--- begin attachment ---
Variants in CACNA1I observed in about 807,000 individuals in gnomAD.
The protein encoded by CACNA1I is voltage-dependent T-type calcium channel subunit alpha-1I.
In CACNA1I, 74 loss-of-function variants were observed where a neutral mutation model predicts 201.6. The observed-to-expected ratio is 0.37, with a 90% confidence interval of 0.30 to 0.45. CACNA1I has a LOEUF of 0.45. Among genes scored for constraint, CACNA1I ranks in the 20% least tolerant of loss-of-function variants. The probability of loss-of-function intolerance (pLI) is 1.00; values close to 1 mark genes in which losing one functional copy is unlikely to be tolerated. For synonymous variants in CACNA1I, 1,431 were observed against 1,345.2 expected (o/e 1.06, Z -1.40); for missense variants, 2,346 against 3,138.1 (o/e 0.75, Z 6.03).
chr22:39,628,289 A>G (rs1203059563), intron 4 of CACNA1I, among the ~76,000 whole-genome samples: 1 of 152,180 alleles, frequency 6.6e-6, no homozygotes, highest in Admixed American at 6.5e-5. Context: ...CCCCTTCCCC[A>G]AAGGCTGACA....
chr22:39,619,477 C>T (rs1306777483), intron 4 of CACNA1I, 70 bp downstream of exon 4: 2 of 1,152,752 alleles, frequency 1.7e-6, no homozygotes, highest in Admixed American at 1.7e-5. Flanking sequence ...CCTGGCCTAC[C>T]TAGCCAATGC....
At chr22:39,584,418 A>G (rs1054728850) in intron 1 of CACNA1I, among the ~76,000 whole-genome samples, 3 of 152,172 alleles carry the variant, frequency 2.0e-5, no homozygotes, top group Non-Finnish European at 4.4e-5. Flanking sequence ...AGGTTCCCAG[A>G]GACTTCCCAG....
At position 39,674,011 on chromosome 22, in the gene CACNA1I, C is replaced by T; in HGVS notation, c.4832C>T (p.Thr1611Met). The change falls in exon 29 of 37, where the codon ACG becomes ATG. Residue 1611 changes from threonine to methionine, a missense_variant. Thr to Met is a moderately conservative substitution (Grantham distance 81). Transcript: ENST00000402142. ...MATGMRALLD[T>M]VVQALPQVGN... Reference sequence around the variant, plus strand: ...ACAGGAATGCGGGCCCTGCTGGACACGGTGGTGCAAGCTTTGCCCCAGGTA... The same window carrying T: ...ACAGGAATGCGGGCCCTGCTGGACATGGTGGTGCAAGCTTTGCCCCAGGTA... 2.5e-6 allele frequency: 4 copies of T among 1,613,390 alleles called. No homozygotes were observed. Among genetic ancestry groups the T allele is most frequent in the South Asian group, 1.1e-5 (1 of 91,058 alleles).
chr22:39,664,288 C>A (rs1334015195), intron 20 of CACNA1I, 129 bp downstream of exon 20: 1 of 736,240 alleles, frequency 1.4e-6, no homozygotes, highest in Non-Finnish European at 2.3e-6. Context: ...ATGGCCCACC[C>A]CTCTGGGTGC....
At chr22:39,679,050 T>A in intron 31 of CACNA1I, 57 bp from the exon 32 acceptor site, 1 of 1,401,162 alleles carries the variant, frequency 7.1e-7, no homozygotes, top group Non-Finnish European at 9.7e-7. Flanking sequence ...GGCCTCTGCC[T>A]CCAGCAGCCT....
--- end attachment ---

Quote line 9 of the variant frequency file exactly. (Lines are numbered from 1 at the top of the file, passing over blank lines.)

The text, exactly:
At chr22:39,679,050 T>A in intron 31 of CACNA1I, 57 bp from the exon 32 acceptor site, 1 of 1,401,162 alleles carries the variant, frequency 7.1e-7, no homozygotes, top group Non-Finnish European at 9.7e-7. Flanking sequence ...GGCCTCTGCC[T>A]CCAGCAGCCT....